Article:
Ten days after the war ended, my sister Laura drove off a bridge. The bridge was being repaired: she went right through the Danger sign. The car fell a hundred feet into the ravine, smashing through the treetops feathery with new leaves, then burst into flames and rolled down into the shallow creek at the bottom. Chunks.of the bridge fell on top of it. Nothing much was left of her but charred smithereens. I was informed of the accident by a policeman: the car was mine, and they'd traced the license. His tone was respectful: no doubt he recognized Richard's name.
I might have rated this a star higher if I hadn't already read a book with a very similar set-up and plot twist--"The Thirteenth Tale" is similar in some ways and I think did the twist a little better. I had trouble getting invested in these characters and, like other reviewers, I was more intrigued and interested in the "story" world than the world of Iris and her sister. It's well written, but after all the build up about the end, I was rather disappointed.
Die Lebensgeschichte der Iris hebt sich wohltuend von jenen Romanen ab, die junge Frauen der 'besseren' Gesellschaft nach einer privilegierten Kindheit in ein Erwachsenendasein ohne Brüche und Krisen führen. Dennoch ist es schade, dass Margaret Atwood ihrer Heldin letztlich so wenig 'Mumm' mitgibt - es müssen dreißig Jahre von Iris' Leben vergehen, bis sie zum ersten Mal aufbegehrt.
Margaret Atwood erzählt Iris' und Lauras Geschichte auf drei Ebenen: anhand von Iris' Rückblick, Lauras Manuskript und diversen Zeitungsausschnitten. Atwood hat mit "Der blinde Mörder" nicht nur die Geschichte eines Frauenlebens geschrieben, sondern auch einen historischen Roman, eine Liebesgeschichte, eine Sciencefiction-Story und die Geschichte zweier Schwestern. Sie belohnt das Interesse des Lesers mit einer Geschichte von außergewöhnlicher Dichte, der es gelingt, die sozialen, industriellen und politischen Ereignisse in einer kanadischen Kleinstadt nachzuzeichnen und eine Chronik des 20. Jahrhunderts darzustellen.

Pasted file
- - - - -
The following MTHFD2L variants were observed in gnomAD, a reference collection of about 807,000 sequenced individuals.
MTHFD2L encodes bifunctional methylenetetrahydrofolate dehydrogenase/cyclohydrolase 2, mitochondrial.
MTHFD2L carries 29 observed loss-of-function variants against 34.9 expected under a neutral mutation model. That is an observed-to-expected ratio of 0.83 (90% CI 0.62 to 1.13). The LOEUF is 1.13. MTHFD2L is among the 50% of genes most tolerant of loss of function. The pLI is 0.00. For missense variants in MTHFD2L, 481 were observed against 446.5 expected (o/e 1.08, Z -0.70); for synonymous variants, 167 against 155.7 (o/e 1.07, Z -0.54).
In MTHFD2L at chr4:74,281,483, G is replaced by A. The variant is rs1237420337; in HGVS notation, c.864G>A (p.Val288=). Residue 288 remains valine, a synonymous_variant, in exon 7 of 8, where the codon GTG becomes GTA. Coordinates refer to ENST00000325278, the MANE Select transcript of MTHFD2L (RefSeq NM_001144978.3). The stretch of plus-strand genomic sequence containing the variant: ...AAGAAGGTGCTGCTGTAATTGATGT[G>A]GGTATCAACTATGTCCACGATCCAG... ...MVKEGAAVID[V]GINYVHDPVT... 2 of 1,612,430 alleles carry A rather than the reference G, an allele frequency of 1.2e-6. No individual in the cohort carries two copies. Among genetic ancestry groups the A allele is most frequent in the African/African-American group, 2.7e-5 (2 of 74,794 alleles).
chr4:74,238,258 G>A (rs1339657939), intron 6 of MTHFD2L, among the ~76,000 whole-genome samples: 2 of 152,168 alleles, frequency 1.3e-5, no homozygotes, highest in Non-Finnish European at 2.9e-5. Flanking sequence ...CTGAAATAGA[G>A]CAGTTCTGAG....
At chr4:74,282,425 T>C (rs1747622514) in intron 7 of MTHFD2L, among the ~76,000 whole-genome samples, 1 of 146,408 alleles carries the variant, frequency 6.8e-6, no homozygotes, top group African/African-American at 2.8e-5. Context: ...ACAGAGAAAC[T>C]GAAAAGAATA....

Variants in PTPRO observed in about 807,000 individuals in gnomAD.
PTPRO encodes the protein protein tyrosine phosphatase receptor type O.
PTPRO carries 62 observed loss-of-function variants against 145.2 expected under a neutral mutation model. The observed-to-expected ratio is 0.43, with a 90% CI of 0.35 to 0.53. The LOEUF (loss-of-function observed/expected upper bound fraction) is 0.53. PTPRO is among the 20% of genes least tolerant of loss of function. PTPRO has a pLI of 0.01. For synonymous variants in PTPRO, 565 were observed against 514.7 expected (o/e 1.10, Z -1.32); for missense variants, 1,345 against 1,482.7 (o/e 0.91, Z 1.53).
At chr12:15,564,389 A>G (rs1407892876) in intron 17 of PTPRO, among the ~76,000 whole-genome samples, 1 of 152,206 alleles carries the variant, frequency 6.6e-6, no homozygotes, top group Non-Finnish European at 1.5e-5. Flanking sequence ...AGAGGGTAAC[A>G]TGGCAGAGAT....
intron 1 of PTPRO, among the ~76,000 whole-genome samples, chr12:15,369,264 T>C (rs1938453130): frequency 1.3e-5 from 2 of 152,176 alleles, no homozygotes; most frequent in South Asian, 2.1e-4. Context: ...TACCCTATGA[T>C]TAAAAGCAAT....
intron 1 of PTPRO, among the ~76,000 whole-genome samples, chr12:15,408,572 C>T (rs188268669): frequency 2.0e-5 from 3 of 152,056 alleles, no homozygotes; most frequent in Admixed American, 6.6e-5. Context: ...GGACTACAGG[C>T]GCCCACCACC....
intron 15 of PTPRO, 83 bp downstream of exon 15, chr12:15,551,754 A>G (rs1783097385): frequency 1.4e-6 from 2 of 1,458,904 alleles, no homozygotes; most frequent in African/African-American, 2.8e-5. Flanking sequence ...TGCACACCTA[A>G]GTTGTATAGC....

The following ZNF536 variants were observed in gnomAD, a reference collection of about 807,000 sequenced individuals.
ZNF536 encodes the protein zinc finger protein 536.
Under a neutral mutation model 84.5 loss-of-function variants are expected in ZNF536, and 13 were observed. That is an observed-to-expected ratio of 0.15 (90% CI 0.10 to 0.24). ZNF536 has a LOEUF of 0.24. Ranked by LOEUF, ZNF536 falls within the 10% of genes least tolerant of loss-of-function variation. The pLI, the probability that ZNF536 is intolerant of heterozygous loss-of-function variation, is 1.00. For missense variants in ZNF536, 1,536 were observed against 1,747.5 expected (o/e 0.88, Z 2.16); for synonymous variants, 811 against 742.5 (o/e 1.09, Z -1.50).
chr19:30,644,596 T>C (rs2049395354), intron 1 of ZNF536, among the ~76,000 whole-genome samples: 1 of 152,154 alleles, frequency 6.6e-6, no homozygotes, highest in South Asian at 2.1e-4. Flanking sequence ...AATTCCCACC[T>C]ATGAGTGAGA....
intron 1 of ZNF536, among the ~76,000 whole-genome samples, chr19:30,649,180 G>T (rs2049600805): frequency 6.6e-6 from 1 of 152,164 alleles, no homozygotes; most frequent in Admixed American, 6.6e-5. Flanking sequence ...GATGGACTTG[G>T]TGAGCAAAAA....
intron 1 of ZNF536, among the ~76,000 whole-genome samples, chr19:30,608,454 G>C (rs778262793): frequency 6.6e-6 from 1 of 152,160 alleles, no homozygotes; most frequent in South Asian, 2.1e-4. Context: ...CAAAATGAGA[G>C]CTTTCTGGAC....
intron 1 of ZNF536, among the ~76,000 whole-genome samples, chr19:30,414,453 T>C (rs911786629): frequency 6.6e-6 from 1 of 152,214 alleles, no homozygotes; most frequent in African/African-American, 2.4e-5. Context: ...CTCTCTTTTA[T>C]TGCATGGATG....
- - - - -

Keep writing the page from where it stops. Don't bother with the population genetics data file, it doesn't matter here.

Margaret Atwood poses a provocative question in her new novel, "The Blind Assassin." How much are the bad turns of one's life determined by things beyond our control, like sex and class, and how much by personal responsibility? Unlike most folks who raise this question so that they can wag their finger -- she's made her bed, and so on -- Atwood's foray into this moral terrain is complex and surprising. Far from preaching to the converted, Atwood's cunning tale assumes a like-minded reader only so that she can argue, quite persuasively, from the other side.
In her tenth novel, Margaret Atwood again demonstrates that she has mastered the art of creating dense, complex fictions from carefully layered narratives, making use of an array of literary devices - flashbacks, multiple time schemes, ambiguous, indeterminate plots - and that she can hook her readers by virtue of her exceptional story-telling skills. The Blind Assassin is not a book that can easily be put to one side, in spite of its length and the fact that its twists and turns occasionally try the patience; yet it falls short of making the emotional impact that its suggestive and slippery plot at times promises.
Ms. Atwood's absorbing new novel, ''The Blind Assassin,'' features a story within a story within a story -- a science-fiction yarn within a hard-boiled tale of adultery within a larger narrative about familial love and dissolution. The novel is largely unencumbered by the feminist ideology that weighed down such earlier Atwood novels as ''The Edible Woman'' and ''The Handmaid's Tale,'' and for the most part it is also shorn of those books' satiric social vision. In fact, of all the author's books to date, ''The Blind Assassin'' is most purely a work of entertainment -- an expertly rendered Daphne du Maurieresque tale that showcases Ms. Atwood's narrative powers and her ardent love of the Gothic.
In her ingenious new tale of love, rivalry, and deception, The Blind Assassin, Margaret Atwood interweaves several genres — a confessional memoir, a pulp fantasy novel, newspaper clippings — to tease out the secrets behind the 1945 death of 25-year-old socialite Laura Chase.
Belongs to Publisher Series
TEAdue [TEA ed.] (1113)
Is contained in
Margaret Atwood Collection - The Handmaid's Tale, The Penelopiad, Life Before Man, Cats Eye, Murder In The Dark by Margaret Atwood
Is abridged in
A science fiction story told by two unnamed lovers who meet in a dingy backstreet room. Set in a multi-layered story of the death of a woman's sister and husband in the 1940's, with a novel-within-a novel as a background.
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Melvil Decimal System (DDC)813.54Literature English (North America) American fiction 20th Century 1945-1999